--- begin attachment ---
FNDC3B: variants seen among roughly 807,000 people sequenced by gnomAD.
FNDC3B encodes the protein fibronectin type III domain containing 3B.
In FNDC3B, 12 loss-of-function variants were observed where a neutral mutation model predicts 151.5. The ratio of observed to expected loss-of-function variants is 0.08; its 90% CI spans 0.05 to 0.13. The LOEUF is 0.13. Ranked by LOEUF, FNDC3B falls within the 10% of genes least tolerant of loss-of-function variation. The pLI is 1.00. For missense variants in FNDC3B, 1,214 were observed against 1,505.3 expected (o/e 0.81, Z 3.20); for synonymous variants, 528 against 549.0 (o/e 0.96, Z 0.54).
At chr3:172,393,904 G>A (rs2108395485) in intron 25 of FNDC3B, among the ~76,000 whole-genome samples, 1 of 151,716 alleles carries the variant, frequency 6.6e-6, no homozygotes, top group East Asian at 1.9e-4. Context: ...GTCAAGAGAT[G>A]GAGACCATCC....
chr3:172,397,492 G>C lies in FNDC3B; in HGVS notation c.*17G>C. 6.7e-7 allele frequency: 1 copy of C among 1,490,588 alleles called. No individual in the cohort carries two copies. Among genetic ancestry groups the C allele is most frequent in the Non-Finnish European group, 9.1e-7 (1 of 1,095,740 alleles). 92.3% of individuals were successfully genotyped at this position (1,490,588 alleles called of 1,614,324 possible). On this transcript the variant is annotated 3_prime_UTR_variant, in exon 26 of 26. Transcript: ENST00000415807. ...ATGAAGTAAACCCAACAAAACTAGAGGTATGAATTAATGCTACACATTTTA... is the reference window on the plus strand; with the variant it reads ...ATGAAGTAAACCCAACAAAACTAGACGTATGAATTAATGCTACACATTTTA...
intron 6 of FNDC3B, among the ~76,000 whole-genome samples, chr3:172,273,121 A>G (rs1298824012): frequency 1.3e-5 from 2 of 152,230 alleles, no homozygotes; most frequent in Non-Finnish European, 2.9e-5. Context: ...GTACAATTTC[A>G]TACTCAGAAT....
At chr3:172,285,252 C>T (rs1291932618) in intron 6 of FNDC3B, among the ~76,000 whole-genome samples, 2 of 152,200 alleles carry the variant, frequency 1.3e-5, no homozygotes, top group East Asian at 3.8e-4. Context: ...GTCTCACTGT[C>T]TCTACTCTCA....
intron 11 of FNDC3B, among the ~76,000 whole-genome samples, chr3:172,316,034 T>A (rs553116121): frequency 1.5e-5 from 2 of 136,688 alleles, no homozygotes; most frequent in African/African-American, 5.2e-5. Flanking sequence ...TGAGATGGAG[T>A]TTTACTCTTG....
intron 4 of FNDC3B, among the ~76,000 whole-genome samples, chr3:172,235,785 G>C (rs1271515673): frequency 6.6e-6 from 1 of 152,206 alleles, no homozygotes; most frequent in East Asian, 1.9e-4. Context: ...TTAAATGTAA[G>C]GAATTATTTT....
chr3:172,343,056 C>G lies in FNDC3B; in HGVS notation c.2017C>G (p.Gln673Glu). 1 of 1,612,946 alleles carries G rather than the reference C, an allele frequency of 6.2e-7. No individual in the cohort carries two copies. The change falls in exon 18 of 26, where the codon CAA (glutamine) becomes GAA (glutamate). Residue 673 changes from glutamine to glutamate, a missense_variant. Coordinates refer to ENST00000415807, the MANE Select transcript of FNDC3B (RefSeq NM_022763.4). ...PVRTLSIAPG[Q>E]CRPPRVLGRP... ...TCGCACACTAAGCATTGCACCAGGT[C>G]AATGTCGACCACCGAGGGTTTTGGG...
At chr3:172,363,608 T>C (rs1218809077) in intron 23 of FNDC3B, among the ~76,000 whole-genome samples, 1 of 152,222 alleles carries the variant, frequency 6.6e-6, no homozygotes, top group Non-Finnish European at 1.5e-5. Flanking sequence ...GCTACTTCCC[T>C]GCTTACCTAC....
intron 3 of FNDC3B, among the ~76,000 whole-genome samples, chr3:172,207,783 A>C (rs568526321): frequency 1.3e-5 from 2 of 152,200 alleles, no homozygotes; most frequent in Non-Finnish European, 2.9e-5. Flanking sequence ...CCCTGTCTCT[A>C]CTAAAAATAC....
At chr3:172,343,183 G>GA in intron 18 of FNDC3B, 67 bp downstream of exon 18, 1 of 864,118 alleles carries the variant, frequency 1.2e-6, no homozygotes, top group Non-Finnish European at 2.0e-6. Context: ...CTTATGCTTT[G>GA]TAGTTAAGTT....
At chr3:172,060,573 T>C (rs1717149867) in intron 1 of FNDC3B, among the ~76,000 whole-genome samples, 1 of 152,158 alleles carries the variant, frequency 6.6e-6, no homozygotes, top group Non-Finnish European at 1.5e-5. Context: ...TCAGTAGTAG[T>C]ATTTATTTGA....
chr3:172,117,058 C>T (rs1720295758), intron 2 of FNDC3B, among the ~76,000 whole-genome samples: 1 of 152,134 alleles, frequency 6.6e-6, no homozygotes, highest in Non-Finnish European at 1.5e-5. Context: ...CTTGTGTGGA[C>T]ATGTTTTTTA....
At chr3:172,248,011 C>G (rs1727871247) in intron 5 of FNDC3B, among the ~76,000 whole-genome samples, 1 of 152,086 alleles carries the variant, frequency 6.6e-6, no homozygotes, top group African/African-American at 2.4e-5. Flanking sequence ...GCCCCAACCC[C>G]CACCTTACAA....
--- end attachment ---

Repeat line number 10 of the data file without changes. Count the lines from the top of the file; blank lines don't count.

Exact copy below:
chr3:172,343,056 C>G lies in FNDC3B; in HGVS notation c.2017C>G (p.Gln673Glu). 1 of 1,612,946 alleles carries G rather than the reference C, an allele frequency of 6.2e-7. No individual in the cohort carries two copies. The change falls in exon 18 of 26, where the codon CAA (glutamine) becomes GAA (glutamate). Residue 673 changes from glutamine to glutamate, a missense_variant. Coordinates refer to ENST00000415807, the MANE Select transcript of FNDC3B (RefSeq NM_022763.4). ...PVRTLSIAPG[Q>E]CRPPRVLGRP... ...TCGCACACTAAGCATTGCACCAGGT[C>G]AATGTCGACCACCGAGGGTTTTGGG...